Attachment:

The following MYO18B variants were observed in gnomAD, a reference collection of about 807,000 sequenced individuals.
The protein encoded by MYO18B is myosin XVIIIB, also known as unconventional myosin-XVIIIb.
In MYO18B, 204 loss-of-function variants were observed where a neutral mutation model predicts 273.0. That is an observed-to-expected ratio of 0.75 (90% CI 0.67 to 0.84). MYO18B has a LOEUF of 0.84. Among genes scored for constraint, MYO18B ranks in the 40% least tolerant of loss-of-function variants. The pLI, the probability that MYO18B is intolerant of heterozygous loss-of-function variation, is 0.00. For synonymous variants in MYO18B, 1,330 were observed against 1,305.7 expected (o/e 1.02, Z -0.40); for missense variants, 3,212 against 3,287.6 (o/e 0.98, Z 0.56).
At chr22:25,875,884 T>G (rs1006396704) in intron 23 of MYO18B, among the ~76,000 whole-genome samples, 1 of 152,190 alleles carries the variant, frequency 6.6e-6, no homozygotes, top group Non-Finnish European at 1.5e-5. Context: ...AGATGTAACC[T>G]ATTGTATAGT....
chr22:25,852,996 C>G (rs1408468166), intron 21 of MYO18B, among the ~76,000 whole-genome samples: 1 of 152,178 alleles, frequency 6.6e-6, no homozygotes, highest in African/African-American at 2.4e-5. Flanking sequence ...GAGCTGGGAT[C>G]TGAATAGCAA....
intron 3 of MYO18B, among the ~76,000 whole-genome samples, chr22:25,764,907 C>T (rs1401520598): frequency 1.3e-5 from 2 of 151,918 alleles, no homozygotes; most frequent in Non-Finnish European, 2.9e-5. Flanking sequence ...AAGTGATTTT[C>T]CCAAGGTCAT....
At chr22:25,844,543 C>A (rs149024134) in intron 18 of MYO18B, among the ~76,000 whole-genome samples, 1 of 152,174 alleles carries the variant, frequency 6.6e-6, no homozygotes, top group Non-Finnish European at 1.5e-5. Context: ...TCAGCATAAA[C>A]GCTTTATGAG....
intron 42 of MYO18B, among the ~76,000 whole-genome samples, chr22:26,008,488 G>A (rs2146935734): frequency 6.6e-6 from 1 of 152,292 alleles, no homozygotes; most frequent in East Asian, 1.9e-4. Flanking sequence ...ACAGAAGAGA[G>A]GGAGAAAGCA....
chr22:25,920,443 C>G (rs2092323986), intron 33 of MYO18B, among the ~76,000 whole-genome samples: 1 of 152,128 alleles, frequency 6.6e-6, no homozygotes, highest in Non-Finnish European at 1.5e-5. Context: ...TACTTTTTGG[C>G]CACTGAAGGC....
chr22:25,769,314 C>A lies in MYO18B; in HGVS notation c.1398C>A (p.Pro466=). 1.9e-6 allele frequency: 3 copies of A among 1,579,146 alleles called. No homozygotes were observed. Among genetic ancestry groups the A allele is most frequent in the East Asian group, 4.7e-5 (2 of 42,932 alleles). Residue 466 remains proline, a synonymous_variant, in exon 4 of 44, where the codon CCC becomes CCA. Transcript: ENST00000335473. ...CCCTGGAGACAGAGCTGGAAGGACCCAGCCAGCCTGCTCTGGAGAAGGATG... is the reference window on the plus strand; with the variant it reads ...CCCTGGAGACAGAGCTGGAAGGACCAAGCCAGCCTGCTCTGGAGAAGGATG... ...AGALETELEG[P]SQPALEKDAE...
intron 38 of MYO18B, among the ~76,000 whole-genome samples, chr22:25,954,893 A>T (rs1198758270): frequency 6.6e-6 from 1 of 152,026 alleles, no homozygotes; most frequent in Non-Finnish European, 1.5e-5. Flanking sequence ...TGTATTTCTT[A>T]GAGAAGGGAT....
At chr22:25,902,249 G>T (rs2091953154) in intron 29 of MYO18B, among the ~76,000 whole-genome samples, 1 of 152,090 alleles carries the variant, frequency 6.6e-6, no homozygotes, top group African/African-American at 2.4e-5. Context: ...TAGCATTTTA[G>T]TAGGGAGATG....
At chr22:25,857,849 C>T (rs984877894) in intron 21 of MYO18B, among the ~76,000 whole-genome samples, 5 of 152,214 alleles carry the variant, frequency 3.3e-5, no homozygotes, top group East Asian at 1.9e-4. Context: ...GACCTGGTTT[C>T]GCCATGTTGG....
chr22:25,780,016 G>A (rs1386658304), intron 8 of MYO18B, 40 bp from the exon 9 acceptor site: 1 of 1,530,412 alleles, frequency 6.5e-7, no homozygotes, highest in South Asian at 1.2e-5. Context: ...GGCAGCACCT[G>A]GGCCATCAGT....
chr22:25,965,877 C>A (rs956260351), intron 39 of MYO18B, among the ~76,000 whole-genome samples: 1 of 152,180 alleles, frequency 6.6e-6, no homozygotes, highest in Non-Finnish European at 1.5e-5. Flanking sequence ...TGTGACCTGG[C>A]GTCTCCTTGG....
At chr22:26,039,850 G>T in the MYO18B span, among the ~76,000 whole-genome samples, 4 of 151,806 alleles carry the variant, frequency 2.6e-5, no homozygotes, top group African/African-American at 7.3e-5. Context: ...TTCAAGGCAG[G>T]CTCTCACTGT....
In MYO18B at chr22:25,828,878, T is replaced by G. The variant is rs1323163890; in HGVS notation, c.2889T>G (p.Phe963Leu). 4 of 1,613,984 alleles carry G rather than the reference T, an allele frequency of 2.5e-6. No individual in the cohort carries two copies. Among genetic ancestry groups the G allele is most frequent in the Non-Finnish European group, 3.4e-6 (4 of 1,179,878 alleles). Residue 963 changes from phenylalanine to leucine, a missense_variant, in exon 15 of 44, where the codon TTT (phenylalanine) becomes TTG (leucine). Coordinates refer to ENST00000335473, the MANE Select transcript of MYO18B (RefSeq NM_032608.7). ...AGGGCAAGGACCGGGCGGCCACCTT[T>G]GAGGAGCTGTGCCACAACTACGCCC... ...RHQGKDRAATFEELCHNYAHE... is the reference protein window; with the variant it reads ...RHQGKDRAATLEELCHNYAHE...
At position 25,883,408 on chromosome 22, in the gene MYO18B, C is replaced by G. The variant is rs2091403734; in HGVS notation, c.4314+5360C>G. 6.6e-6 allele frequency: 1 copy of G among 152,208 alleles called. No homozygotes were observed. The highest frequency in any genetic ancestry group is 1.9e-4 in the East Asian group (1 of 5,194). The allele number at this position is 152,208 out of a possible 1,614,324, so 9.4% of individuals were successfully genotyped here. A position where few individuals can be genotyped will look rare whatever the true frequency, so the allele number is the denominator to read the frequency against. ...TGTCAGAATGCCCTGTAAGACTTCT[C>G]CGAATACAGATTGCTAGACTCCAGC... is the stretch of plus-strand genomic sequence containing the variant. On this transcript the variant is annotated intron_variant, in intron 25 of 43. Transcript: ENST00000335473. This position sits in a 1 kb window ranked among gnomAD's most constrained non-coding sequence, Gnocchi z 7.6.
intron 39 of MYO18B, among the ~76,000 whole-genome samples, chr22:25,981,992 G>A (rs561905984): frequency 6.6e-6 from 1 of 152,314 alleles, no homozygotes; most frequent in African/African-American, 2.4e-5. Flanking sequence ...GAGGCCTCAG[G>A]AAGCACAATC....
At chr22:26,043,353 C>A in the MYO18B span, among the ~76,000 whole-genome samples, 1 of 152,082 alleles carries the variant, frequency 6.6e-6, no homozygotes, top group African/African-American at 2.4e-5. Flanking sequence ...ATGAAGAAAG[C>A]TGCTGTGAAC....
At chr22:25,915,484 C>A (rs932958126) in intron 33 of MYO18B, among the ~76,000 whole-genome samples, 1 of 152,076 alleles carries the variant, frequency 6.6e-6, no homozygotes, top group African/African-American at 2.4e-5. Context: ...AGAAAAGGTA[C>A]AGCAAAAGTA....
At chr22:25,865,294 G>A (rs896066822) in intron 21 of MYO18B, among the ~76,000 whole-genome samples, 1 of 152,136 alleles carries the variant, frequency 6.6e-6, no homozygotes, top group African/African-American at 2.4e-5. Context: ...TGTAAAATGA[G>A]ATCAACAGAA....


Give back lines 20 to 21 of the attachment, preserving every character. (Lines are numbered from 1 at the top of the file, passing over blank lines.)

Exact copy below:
At chr22:26,043,353 C>A in the MYO18B span, among the ~76,000 whole-genome samples, 1 of 152,082 alleles carries the variant, frequency 6.6e-6, no homozygotes, top group African/African-American at 2.4e-5. Flanking sequence ...ATGAAGAAAG[C>A]TGCTGTGAAC....
At chr22:25,915,484 C>A (rs932958126) in intron 33 of MYO18B, among the ~76,000 whole-genome samples, 1 of 152,076 alleles carries the variant, frequency 6.6e-6, no homozygotes, top group African/African-American at 2.4e-5. Context: ...AGAAAAGGTA[C>A]AGCAAAAGTA....